Then, seeing little 5-year-old Joanna singing "night time is the right time, we make love" while dressed up as grown-up Sheena Easton seems kind of creepy. The outrage from this incident forced the show's cancellation. Overkill, perhaps, but certainly the choice of song (and original lyrics) was inappropriate.

(Note that this was originally going to be Disco Week Part V, which would've featured the Minipops cast doing a medley of ABBA... and blurting out the equally creepy first line, "Gimme! Gimme! Gimme! A Man after Midnight..." but unfortunately that one doesn't seem to be on YouTube.)

Here's Joanna Fisher singing Sheena Easton's hit, "9 to 5 (Morning Train)."

<a href="http://www.youtube.com/watch?v=fh7NxD9fTGM" target="_blank" class="aeva_link bbc_link new_win">http://www.youtube.com/watch?v=fh7NxD9fTGM</a>

Offline jmyrlefuller

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Re: The Jukebox from Hell
« Reply #42 on: August 12, 2012, 08:01:18 AM »
Wrapping up Disco Week:

I have purposely tried to avoid repeat appearances on the Jukebox from Hell, and I featured a couple of Lawrence Welk performers last week, so I was hesitant to include this one so soon. However, Myron Floren wasn't among the performers, so I'll let this one slide. Myron was Welk's second-in-command and, like Welk, a skilled accordionist. While accordions go well with polka, Western European romantic music, and Weird Al parodies... disco is probably way down on that list.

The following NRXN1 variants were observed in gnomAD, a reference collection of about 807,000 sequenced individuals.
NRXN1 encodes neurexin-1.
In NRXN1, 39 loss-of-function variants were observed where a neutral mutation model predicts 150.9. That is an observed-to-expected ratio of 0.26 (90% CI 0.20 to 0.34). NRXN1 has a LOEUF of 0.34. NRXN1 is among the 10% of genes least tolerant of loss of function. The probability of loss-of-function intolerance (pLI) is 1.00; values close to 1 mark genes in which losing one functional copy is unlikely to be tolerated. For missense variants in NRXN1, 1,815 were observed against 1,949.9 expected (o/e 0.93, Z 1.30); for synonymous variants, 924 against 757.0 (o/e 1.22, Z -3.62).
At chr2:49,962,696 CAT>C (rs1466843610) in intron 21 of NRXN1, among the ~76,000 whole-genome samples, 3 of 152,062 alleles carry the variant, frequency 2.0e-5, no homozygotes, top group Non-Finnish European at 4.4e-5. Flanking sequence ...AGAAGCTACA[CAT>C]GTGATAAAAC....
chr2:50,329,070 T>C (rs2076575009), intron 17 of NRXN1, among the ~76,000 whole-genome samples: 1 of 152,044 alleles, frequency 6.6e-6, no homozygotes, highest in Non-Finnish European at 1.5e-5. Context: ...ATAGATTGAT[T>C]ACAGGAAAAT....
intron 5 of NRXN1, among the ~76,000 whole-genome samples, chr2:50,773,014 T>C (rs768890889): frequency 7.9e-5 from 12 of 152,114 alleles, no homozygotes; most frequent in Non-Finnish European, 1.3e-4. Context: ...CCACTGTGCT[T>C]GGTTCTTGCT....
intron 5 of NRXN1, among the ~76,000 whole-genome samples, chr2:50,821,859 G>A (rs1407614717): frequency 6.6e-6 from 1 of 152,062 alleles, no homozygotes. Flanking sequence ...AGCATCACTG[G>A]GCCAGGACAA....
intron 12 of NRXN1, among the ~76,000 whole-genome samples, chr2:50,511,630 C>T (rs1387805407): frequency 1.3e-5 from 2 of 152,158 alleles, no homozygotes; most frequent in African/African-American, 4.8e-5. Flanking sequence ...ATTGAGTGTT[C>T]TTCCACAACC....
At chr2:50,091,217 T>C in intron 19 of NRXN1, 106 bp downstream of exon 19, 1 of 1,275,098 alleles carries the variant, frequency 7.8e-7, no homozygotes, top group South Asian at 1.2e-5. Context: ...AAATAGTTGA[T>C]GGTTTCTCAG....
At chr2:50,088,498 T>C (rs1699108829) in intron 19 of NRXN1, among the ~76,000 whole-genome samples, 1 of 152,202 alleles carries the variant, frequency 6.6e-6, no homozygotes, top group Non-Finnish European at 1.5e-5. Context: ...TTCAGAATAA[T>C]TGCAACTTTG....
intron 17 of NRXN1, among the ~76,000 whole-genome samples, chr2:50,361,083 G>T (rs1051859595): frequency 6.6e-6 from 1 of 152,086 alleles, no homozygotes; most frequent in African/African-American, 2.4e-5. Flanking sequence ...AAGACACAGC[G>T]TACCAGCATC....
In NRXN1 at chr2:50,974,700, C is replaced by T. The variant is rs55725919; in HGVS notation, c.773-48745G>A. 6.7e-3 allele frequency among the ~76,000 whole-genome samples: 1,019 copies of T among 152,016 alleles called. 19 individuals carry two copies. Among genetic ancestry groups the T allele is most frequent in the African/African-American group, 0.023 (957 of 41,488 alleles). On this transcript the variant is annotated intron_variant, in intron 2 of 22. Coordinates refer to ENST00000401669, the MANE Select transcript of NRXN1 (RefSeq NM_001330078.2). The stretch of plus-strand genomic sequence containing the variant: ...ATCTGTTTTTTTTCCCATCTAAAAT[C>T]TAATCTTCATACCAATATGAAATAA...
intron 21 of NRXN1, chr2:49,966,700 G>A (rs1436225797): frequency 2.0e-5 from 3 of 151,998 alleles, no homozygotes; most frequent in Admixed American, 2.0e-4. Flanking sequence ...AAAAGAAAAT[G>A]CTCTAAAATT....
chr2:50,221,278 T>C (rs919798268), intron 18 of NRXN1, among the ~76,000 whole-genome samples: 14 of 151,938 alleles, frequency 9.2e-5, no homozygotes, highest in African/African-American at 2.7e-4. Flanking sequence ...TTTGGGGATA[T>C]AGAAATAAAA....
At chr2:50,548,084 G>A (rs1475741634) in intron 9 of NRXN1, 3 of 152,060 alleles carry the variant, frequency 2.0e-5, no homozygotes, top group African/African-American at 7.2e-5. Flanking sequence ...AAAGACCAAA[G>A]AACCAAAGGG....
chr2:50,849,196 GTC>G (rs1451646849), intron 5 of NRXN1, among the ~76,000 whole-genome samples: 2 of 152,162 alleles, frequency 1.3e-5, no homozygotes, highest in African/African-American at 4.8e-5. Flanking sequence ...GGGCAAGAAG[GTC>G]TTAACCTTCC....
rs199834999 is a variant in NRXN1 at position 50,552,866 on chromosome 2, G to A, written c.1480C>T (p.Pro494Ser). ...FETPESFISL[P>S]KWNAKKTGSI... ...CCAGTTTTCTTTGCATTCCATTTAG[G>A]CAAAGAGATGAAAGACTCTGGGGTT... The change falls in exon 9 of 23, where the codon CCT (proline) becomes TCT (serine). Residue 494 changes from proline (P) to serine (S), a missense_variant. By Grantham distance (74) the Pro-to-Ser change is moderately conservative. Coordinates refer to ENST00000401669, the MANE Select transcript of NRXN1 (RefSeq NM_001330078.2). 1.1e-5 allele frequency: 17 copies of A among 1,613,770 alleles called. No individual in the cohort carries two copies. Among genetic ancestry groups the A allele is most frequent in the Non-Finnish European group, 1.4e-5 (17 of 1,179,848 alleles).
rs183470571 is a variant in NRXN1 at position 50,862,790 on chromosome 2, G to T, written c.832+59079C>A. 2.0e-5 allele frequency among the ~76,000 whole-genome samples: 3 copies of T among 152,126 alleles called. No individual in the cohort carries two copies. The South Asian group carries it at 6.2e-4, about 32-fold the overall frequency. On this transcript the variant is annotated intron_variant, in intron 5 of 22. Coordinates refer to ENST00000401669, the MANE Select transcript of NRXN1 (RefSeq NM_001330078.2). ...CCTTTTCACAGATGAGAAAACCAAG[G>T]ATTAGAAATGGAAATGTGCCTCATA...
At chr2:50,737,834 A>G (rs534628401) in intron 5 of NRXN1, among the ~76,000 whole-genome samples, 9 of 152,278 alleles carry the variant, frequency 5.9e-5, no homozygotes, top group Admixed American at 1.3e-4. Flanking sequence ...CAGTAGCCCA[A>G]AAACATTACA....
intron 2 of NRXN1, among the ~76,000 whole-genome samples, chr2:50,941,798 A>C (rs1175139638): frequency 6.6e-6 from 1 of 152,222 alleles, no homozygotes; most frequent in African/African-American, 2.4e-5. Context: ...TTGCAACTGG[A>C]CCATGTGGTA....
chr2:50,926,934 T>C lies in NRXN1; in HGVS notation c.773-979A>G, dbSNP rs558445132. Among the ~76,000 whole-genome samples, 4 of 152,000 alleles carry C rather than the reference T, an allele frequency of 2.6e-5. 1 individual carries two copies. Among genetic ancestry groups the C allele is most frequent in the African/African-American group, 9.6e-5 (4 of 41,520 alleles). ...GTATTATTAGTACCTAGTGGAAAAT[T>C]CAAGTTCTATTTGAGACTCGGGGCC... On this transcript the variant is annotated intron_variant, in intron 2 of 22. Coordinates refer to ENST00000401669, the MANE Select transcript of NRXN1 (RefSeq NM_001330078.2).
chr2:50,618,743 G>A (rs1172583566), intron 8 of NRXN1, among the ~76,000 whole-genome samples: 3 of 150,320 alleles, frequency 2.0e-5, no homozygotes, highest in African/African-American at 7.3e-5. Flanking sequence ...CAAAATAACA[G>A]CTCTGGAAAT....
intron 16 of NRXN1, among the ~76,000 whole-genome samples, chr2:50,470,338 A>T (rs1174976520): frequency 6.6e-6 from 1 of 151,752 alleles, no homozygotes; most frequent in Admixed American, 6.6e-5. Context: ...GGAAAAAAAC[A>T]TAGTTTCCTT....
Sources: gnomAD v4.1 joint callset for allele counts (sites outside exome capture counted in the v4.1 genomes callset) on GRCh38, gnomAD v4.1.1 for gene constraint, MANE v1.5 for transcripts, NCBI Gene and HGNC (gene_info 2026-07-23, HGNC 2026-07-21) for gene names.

But oh, no. Remember, this is the late 1970s, and they had to discofy everything. EVERYTHING. Including Lawrence Welk apparently.

But here it is anyway... Myron Floren, with a disco-backed cover of A. Humpfat's Clarinet Polka... "Disco Accordion."

http://blogfiles.wfmu.org/DP/2003/01/365-Days-Project-01-31-floren-myron-disco-accordion-1977.mp3

Offline jmyrlefuller

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Re: The Jukebox from Hell
« Reply #43 on: August 13, 2012, 03:06:12 PM »
I promise this is the last Star Trek related tune I will include here... until, at least, I run out of artists.

This little ditty dates to 1987, from Britain. I'm going to start this by saying that from 1984 to 1986, there was a popular rock supergroup known as The Firm active. Well, the band in today's entry into the Jukebox from Hell isn't that "The Firm." They're both from the mid-80s, both were British, and they have the same name, but the similarities end there.

This "The Firm" was a novelty group that recorded a rather annoying tune about the TV show Star Trek... as if that show hadn't churned out enough bad music already (see above). Rightfully so, the record companies refused to distribute this dreck. So the band pressed their own copies and distributed them to radio... and inexplicably, it became a hit. A number-one hit, even. (Of course, I imagine there were plenty who were expecting a tune from the aforementioned rock supergroup and were sorely disappointed.) It never caught on in America, with the only real exposure coming from novelty DJ Dr. Demento.